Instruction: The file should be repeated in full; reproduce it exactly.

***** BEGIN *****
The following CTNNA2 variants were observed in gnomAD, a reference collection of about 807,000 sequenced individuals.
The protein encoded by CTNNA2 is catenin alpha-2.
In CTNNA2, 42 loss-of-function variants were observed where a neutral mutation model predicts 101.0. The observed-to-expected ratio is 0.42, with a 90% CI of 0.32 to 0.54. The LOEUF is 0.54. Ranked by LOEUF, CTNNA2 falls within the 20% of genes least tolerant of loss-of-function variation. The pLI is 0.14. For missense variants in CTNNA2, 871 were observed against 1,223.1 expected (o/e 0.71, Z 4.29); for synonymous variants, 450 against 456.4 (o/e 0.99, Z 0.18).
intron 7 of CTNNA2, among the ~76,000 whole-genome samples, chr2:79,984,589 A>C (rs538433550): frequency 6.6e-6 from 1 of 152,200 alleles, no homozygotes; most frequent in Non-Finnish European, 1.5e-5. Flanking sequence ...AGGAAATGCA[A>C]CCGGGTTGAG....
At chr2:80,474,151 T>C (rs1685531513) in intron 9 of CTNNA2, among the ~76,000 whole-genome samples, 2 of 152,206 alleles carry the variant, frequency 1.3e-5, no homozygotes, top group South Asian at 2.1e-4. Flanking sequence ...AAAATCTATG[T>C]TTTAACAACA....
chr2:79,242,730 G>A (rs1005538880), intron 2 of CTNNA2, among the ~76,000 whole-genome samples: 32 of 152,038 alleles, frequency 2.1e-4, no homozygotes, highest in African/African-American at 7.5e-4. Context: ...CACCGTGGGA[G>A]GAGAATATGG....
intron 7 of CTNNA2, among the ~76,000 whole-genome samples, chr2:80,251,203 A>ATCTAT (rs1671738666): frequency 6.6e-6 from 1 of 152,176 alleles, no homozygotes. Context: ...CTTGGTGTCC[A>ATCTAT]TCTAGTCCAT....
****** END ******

The following CTNNA2 variants were observed in gnomAD, a reference collection of about 807,000 sequenced individuals.
The protein encoded by CTNNA2 is catenin alpha-2.
In CTNNA2, 42 loss-of-function variants were observed where a neutral mutation model predicts 101.0. The observed-to-expected ratio is 0.42, with a 90% CI of 0.32 to 0.54. The LOEUF is 0.54. Ranked by LOEUF, CTNNA2 falls within the 20% of genes least tolerant of loss-of-function variation. The pLI is 0.14. For missense variants in CTNNA2, 871 were observed against 1,223.1 expected (o/e 0.71, Z 4.29); for synonymous variants, 450 against 456.4 (o/e 0.99, Z 0.18).
intron 7 of CTNNA2, among the ~76,000 whole-genome samples, chr2:79,984,589 A>C (rs538433550): frequency 6.6e-6 from 1 of 152,200 alleles, no homozygotes; most frequent in Non-Finnish European, 1.5e-5. Flanking sequence ...AGGAAATGCA[A>C]CCGGGTTGAG....
At chr2:80,474,151 T>C (rs1685531513) in intron 9 of CTNNA2, among the ~76,000 whole-genome samples, 2 of 152,206 alleles carry the variant, frequency 1.3e-5, no homozygotes, top group South Asian at 2.1e-4. Flanking sequence ...AAAATCTATG[T>C]TTTAACAACA....
chr2:79,242,730 G>A (rs1005538880), intron 2 of CTNNA2, among the ~76,000 whole-genome samples: 32 of 152,038 alleles, frequency 2.1e-4, no homozygotes, highest in African/African-American at 7.5e-4. Context: ...CACCGTGGGA[G>A]GAGAATATGG....
intron 7 of CTNNA2, among the ~76,000 whole-genome samples, chr2:80,251,203 A>ATCTAT (rs1671738666): frequency 6.6e-6 from 1 of 152,176 alleles, no homozygotes. Context: ...CTTGGTGTCC[A>ATCTAT]TCTAGTCCAT....